Clinically approved calcium phosphate-based biomaterials differ in their individual material properties and are selected to suit different clinical indications. These materials are in competition with PMMA cement, which has been proven safe and efficient in many applications for a long time. PMMA cement shows a high primary stability, but is under criticism regarding its biomechanical properties and the lack of biological transformation into bone tissue [19].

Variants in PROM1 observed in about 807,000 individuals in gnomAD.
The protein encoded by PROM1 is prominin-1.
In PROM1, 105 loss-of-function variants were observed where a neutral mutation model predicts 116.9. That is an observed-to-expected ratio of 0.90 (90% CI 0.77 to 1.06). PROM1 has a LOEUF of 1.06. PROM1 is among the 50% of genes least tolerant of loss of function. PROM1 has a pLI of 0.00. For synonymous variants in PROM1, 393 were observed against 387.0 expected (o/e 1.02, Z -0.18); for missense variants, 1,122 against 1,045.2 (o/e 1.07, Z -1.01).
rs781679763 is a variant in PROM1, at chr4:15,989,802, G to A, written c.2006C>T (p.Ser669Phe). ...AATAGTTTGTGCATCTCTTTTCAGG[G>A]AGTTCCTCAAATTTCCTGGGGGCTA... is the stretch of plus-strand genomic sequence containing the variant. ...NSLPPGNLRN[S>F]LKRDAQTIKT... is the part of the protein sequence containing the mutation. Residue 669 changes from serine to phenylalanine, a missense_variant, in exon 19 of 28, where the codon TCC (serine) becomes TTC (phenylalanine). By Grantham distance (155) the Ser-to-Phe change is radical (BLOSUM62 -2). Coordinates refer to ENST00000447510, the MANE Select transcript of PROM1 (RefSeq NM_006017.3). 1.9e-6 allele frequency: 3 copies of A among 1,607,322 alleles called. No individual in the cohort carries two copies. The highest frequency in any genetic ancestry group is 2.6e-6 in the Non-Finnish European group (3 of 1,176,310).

Substrates on beta tricalcium phosphate (beta-TCP) basis are in the meantime often used bone graft substitutes. They are commercially provided in porous blocks or wedges that can be introduced into the defect area. These clinically available materials have the disadvantage that accurate fitting into the defect can be challenging owing to their solid structure. Liquid or pasty materials that can be modeled to adapt the defect are therefore of increasing clinical interest. Also paste-like materials are already clinically available. Yet, larger clinical studies on universal applicability of these materials are still pending. Currently, one of these paste-like materials is primarily used for bone tumors, tibial head fractures, and osseous infections as a local antibiotic carrier [20]. These materials consist of two components and are mixed shortly before use. Essential components are hydroxyapatite and calcium sulfate. The consistency is suitable for a percutaneous injection. The calcium sulfate serves as a carrier for these materials, whereas in our experiments, a plant-based polysaccharide matrix was used. In addition, we added aluminum oxide, which is supposed to get hooked in the defect and thus, for example, withstand increased pressure, especially when used in vertebroplasty.